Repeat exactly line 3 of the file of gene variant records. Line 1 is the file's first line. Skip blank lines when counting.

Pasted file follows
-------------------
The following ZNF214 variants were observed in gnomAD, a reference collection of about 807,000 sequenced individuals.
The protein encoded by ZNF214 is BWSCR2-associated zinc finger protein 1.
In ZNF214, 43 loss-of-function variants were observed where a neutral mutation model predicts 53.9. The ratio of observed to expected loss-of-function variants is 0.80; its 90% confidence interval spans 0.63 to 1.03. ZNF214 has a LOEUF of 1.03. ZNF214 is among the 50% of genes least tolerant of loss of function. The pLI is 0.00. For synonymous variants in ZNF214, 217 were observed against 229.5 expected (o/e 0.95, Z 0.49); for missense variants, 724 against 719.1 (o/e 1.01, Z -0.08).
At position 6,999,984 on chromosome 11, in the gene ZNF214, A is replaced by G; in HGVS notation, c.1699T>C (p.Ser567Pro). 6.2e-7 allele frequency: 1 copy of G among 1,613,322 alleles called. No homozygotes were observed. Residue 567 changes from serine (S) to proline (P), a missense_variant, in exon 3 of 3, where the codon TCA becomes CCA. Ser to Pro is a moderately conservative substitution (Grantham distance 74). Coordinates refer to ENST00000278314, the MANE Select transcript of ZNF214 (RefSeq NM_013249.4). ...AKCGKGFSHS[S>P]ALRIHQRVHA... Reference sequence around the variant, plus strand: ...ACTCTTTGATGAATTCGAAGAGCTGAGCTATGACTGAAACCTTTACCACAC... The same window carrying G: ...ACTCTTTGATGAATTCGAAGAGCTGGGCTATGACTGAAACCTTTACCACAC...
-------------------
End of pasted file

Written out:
In ZNF214, 43 loss-of-function variants were observed where a neutral mutation model predicts 53.9. The ratio of observed to expected loss-of-function variants is 0.80; its 90% confidence interval spans 0.63 to 1.03. ZNF214 has a LOEUF of 1.03. ZNF214 is among the 50% of genes least tolerant of loss of function. The pLI is 0.00. For synonymous variants in ZNF214, 217 were observed against 229.5 expected (o/e 0.95, Z 0.49); for missense variants, 724 against 719.1 (o/e 1.01, Z -0.08).